Hey there, time traveller!
This article was published 28/7/2011 (2000 days ago), so information in it may no longer be current.
Wanda Yamamoto learned as a kid how to make a welcome place from her grandfather, who opened his home to people in need of a place to stay.
Now she runs Welcome Place, Manitoba's largest refugee settlement agency.
"Wanda Woman" -- what Marty Dolin called her before he retired as its executive director -- says some superpowers would come in handy in her job.
There's a shortage of affordable housing, the federal government limits the number of private sponsorships of new refugees and sometimes Ottawa even stirs up fear, said Yamamoto, who is also the president of the Canadian Council for Refugees.
On Wednesday, Immigration Minister Jason Kenney and Public Safety Minister Vic Toews held a second news conference in as many days to report the capture of a suspected foreign war criminal with the help of the Canadian public.
They were on a most-wanted list posted on the Canada Border Services Agency website. There's no mention of what they're charged with or if they've even been convicted of a crime, but their names and photos are posted and they're labelled war criminals.
"It puts the fear into the public," said Yamamoto, a descendant of Japanese-Canadians sent to internment camps during the Second World War.
"It affects others as well," she said. Newcomers with similar names or features to anyone on the website are also afraid, she said. "People are looking over their shoulder."
Groups that help people settle in Canada have enough challenges without anyone stirring up anti-immigrant sentiment, she said.
"It is always a concern, especially with the stuff happening in Norway."
The news of the world hits close to home at Welcome Place. Yamamoto said they're working with private sponsors for 196 refugee applicants from famine-stricken Somalia. When the catastrophic earthquake hit Haiti, the federal government fast-tracked sponsorships already in the queue for humanitarian reasons. Yamamoto wants the federal government to do likewise for the Somalis and others trying to escape the famine in the Horn of Africa.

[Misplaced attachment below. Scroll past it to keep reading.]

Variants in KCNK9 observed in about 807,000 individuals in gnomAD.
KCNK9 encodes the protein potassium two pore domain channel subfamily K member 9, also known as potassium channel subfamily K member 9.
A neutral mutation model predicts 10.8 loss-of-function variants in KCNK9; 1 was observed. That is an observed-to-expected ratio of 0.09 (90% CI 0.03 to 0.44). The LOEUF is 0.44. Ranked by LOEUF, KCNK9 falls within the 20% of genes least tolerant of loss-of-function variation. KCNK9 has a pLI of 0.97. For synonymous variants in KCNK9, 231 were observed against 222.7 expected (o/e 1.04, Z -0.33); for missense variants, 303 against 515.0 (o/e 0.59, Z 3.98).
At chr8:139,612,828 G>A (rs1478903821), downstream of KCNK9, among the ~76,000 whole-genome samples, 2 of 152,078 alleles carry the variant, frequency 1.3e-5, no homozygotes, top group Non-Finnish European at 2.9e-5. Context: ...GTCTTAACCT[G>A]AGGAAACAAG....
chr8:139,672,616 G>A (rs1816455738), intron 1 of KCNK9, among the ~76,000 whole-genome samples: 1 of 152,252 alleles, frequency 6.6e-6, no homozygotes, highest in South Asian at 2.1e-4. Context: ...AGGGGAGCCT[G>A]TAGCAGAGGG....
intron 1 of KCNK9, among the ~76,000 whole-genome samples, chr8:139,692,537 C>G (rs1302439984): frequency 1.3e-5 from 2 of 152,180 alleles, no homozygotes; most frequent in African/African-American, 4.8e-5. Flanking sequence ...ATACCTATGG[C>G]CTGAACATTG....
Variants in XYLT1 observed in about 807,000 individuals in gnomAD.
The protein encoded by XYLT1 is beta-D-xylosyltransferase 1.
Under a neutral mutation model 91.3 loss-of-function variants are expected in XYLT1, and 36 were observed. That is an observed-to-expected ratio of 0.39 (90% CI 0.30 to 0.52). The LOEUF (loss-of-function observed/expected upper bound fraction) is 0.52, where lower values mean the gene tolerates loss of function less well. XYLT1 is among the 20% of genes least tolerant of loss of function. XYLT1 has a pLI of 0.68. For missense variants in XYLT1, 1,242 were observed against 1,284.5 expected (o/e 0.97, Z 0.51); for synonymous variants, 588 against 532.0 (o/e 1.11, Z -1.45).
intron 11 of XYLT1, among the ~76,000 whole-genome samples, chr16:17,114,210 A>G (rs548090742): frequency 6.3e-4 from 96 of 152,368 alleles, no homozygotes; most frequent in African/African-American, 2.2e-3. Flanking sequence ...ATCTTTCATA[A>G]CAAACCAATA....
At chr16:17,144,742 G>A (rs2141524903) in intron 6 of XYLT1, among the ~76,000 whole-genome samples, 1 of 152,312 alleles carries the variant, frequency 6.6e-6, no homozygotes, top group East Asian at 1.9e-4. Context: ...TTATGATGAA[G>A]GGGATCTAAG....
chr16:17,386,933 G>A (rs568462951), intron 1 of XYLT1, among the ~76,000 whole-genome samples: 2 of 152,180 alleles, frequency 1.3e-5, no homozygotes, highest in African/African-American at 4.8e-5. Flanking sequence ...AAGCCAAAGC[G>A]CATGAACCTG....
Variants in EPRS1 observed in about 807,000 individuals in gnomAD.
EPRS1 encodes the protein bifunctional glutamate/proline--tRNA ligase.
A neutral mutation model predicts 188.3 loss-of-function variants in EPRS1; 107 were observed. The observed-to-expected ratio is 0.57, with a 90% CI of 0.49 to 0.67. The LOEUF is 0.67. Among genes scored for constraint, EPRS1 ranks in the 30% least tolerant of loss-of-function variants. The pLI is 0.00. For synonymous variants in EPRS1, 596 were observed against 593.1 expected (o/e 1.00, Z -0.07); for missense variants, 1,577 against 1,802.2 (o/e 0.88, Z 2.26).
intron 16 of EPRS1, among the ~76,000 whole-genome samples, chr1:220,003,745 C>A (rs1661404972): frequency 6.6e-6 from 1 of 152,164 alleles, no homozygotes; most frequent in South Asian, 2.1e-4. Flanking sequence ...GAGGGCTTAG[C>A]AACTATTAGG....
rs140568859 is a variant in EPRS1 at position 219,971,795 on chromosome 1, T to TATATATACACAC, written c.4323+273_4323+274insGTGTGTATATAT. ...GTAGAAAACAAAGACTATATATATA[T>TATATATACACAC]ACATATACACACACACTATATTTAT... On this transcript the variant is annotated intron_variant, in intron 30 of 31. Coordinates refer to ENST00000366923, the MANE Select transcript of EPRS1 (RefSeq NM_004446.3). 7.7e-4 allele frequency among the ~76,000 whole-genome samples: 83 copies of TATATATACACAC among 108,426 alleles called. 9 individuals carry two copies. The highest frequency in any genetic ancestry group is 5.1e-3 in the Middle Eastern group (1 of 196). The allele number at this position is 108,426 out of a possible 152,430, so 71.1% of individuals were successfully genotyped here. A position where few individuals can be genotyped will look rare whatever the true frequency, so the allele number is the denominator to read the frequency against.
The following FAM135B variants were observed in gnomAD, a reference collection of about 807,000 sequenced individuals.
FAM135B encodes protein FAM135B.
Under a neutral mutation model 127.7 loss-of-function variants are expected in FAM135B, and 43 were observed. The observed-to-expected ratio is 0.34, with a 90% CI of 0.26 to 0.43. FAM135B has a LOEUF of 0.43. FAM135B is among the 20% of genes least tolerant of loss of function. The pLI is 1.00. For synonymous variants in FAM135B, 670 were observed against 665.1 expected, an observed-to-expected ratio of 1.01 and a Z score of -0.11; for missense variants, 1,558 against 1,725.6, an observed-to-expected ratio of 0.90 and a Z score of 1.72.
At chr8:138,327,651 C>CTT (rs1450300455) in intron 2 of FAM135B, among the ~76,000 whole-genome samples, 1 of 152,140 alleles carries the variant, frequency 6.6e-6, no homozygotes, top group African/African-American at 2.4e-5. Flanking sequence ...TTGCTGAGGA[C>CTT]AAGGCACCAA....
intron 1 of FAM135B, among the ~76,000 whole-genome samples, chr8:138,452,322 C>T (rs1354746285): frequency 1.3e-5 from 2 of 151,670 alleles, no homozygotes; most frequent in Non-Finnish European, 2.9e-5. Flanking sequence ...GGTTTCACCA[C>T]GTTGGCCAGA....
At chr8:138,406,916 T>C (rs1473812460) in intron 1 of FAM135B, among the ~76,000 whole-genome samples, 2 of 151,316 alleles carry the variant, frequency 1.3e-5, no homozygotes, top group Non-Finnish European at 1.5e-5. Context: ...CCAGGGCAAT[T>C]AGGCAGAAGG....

"There has to be a will to do that," said Yamamoto. "Generally, Canadians respond to those needs."
Manitobans especially have responded to the needs of refugees over the years -- from Vietnamese boat people to Kosovars escaping Balkan conflicts, she said.
A decade ago, faced with an aging workforce and dwindling population, the Manitoba government developed an immigration strategy. It got agencies like the Manitoba Interfaith Immigration Council and other levels of government on board. The goal was to bring immigrants and refugees to Manitoba, help them settle, become productive and drive economic growth. Last year, there were close to 15,000 new perma nent residents. In 1999, there were about 3,700.
The Canada Citizenship and Immigration office in Winnipeg and Manitoba Labour and Immigration work with Welcome Place, Yamamoto said.
"We've been really fortunate to have that close relationship." Welcome Place has short-term suites on the top floors for recent arrivals. Settlement, housing and life-skills workers help them get into language classes, find accommodation, health care, schools for their kids and other programs and services.
Settlement agencies in other provinces struggle with different levels of government, said Yamamoto who, as president of the Canadian Council for Refugees, hears about their difficulties.
"We're the envy of all the provinces."
Yamamoto, who has a business background, worked for Investors Group until she left to raise her family. She volunteered through her church with the Manitoba Interfaith Immigration Council, which oversees Welcome Place, then became its manager of volunteer services.
"I couldn't go back to the corporate world."
More than 20 years later, she has no regrets.
"I wish I had a magic wand to solve all the problems."
New home: 521 Bannatyne Ave.
Top source countries: Somalia, Eritrea, Bhutan, Ethiopia
Services provided in 25 languages, from Amharic to Russian
Government-assisted refugees: 512 Settlement services provided to: 3,697
-- Source: Manitoba Interfaith Immigration Council Inc. annual report